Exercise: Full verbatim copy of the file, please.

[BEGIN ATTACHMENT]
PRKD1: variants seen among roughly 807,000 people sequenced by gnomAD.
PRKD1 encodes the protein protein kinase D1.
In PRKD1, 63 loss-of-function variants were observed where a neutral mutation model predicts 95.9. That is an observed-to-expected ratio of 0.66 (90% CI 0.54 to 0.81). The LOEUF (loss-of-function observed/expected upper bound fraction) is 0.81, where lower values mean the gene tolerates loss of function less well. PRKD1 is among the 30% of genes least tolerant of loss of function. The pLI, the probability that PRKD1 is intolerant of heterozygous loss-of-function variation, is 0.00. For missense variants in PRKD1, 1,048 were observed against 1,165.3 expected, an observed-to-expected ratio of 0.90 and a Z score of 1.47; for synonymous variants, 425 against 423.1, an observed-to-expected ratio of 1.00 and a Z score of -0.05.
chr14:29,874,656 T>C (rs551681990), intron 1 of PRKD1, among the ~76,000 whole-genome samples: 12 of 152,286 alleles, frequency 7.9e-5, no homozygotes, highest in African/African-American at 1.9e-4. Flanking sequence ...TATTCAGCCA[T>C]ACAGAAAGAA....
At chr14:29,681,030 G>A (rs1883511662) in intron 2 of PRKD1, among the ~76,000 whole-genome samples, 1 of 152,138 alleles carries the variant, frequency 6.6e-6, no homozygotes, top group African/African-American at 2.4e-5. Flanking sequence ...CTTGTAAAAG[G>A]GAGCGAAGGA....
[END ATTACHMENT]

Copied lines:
PRKD1: variants seen among roughly 807,000 people sequenced by gnomAD.
PRKD1 encodes the protein protein kinase D1.
In PRKD1, 63 loss-of-function variants were observed where a neutral mutation model predicts 95.9. That is an observed-to-expected ratio of 0.66 (90% CI 0.54 to 0.81). The LOEUF (loss-of-function observed/expected upper bound fraction) is 0.81, where lower values mean the gene tolerates loss of function less well. PRKD1 is among the 30% of genes least tolerant of loss of function. The pLI, the probability that PRKD1 is intolerant of heterozygous loss-of-function variation, is 0.00. For missense variants in PRKD1, 1,048 were observed against 1,165.3 expected, an observed-to-expected ratio of 0.90 and a Z score of 1.47; for synonymous variants, 425 against 423.1, an observed-to-expected ratio of 1.00 and a Z score of -0.05.
chr14:29,874,656 T>C (rs551681990), intron 1 of PRKD1, among the ~76,000 whole-genome samples: 12 of 152,286 alleles, frequency 7.9e-5, no homozygotes, highest in African/African-American at 1.9e-4. Flanking sequence ...TATTCAGCCA[T>C]ACAGAAAGAA....
At chr14:29,681,030 G>A (rs1883511662) in intron 2 of PRKD1, among the ~76,000 whole-genome samples, 1 of 152,138 alleles carries the variant, frequency 6.6e-6, no homozygotes, top group African/African-American at 2.4e-5. Flanking sequence ...CTTGTAAAAG[G>A]GAGCGAAGGA....